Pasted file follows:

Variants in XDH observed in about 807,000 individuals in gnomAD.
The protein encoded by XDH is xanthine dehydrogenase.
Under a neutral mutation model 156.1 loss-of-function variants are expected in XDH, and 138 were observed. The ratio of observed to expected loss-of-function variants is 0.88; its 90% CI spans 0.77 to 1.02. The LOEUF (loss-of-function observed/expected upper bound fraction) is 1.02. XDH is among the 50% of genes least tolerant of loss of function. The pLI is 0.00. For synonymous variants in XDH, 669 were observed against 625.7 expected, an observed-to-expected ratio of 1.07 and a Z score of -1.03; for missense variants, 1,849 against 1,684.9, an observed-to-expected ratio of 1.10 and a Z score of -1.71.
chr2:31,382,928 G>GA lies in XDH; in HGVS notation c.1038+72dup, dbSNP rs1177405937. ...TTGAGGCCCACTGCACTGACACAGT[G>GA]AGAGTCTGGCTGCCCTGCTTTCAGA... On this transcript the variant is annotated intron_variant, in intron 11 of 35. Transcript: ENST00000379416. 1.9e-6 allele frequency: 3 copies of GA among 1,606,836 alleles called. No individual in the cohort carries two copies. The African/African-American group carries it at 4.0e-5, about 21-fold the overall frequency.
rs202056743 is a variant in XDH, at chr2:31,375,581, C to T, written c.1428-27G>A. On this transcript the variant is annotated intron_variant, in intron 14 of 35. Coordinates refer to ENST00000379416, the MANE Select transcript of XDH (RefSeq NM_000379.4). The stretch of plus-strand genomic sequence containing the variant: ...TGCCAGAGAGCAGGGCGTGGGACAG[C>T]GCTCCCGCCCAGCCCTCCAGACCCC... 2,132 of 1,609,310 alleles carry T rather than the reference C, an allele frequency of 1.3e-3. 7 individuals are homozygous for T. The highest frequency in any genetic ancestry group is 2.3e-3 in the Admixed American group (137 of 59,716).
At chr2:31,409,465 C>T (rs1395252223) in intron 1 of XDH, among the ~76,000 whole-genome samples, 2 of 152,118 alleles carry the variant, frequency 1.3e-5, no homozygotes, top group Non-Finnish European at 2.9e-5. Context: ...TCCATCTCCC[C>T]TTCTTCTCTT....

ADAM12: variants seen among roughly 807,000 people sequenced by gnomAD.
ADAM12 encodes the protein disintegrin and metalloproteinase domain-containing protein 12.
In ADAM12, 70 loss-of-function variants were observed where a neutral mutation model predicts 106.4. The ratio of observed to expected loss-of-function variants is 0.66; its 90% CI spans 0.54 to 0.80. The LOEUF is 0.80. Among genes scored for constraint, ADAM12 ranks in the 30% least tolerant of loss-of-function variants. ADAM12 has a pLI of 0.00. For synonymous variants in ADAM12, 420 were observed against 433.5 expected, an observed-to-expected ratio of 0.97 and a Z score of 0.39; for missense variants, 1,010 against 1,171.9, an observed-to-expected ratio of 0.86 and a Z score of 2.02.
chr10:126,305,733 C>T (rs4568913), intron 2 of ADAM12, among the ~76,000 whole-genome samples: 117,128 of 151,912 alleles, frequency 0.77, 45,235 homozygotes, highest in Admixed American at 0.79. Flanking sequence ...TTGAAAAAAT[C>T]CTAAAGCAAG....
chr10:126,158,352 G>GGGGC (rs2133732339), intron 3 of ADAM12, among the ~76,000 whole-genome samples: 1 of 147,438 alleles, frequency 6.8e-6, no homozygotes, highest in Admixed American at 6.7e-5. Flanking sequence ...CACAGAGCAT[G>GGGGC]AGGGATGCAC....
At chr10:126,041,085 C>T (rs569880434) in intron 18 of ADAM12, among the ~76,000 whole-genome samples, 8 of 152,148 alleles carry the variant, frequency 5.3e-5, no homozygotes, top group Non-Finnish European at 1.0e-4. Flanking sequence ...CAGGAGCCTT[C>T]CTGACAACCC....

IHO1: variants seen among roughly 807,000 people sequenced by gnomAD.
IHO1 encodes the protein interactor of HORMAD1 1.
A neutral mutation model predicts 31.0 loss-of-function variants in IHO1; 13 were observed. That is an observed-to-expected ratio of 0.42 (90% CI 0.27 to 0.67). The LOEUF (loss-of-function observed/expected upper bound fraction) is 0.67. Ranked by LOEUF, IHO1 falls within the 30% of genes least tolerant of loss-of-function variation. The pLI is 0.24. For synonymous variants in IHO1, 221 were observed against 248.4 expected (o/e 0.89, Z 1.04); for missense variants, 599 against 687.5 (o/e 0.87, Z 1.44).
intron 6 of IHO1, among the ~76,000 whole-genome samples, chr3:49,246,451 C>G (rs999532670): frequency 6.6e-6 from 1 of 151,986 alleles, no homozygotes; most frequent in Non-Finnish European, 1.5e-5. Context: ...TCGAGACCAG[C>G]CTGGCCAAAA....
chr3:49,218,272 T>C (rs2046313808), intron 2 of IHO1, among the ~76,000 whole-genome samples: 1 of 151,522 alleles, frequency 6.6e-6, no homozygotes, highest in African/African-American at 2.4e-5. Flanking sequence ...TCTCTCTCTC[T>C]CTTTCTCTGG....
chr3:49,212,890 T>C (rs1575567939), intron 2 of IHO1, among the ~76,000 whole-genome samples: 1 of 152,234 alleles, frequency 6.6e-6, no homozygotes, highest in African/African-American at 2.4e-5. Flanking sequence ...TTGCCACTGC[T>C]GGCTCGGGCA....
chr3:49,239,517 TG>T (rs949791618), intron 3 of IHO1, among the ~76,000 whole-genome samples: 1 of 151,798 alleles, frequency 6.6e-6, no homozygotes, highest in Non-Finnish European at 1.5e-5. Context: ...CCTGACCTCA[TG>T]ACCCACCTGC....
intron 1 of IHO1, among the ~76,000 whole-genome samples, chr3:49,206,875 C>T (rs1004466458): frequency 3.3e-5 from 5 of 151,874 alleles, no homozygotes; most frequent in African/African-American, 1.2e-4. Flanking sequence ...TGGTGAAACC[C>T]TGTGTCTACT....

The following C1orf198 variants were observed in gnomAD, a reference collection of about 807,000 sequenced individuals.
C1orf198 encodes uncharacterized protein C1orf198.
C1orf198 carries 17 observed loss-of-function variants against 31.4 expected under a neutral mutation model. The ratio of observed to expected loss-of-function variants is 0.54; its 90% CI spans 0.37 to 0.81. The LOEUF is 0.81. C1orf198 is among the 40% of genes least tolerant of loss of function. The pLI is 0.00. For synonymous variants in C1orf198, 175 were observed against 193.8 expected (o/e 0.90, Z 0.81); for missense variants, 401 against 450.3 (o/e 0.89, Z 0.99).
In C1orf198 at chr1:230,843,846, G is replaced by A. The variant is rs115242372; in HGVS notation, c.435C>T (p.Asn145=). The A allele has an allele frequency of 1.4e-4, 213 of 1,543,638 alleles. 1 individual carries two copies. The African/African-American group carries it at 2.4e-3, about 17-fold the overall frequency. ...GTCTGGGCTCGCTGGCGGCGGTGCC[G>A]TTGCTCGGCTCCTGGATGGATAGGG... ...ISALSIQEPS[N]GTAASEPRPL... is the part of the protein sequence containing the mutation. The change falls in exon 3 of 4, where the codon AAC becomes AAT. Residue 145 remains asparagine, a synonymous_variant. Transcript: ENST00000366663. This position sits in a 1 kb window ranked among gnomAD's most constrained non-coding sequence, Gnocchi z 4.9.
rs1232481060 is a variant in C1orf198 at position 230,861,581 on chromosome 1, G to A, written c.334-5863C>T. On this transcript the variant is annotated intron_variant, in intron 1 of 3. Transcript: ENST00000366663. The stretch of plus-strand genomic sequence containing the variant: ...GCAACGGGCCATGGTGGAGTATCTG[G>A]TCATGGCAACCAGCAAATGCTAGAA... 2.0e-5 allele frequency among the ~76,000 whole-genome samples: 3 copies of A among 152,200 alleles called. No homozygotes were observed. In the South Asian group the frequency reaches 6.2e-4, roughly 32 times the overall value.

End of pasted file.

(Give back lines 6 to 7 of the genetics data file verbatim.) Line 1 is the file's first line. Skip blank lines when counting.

At chr2:31,409,465 C>T (rs1395252223) in intron 1 of XDH, among the ~76,000 whole-genome samples, 2 of 152,118 alleles carry the variant, frequency 1.3e-5, no homozygotes, top group Non-Finnish European at 2.9e-5. Context: ...TCCATCTCCC[C>T]TTCTTCTCTT....

ADAM12: variants seen among roughly 807,000 people sequenced by gnomAD.